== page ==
For reasons not exactly clear to me, Reid is interested in ways to save money. She isn’t thinking obvious ones, like eating at home instead of at a restaurant or not going places that charge admission, though. When we first started talking about Reid taking cello lessons, she said that it would be a good way to save money on electricity since we wouldn’t need to listen to the radio, just to her playing the music. We talked about taking art classes this morning and immediately Reid suggested that she could write and illustrate books. So that I wouldn’t have to buy any, of course. It’s good to have an artist/performer in the family to save costs right. (No, I never point out how much money the lessons cost. ;+)
At the supper table tonight, Reid was talking about how good it be if she could take art classes near the pool where her swimming lessons are held, especially if there is a gas station and bank nearby. She explained it all clearly: we could walk from the swimming lesson to art class without needing gas but when we did need gas, we could walk to the bank to get the money and then drive to the gas station. Many of Reid’s sentences are at least as long as that last one. It’s a gift we share.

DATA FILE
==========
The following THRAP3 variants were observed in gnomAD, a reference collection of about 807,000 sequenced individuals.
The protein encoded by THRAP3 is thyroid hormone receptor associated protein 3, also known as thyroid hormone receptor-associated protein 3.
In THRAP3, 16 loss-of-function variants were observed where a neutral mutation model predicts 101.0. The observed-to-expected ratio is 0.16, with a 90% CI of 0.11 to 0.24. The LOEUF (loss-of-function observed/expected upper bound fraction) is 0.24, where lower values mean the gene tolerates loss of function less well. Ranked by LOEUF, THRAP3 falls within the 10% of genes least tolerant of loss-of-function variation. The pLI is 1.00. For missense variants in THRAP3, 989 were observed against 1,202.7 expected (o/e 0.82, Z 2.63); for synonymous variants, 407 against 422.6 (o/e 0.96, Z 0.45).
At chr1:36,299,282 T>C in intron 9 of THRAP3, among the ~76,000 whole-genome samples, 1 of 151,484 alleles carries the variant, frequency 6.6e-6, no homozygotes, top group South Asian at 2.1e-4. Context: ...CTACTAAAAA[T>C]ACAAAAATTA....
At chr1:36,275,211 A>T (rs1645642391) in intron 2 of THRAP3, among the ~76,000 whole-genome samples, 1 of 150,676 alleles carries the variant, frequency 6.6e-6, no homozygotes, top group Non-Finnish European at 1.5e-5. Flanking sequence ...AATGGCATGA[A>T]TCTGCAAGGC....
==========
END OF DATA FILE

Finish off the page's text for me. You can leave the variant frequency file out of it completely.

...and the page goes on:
I’m not sure if these are the first signs of Reid as a budding accountant or financial advisor but it’s nice to know that she has an eye on the bottom line.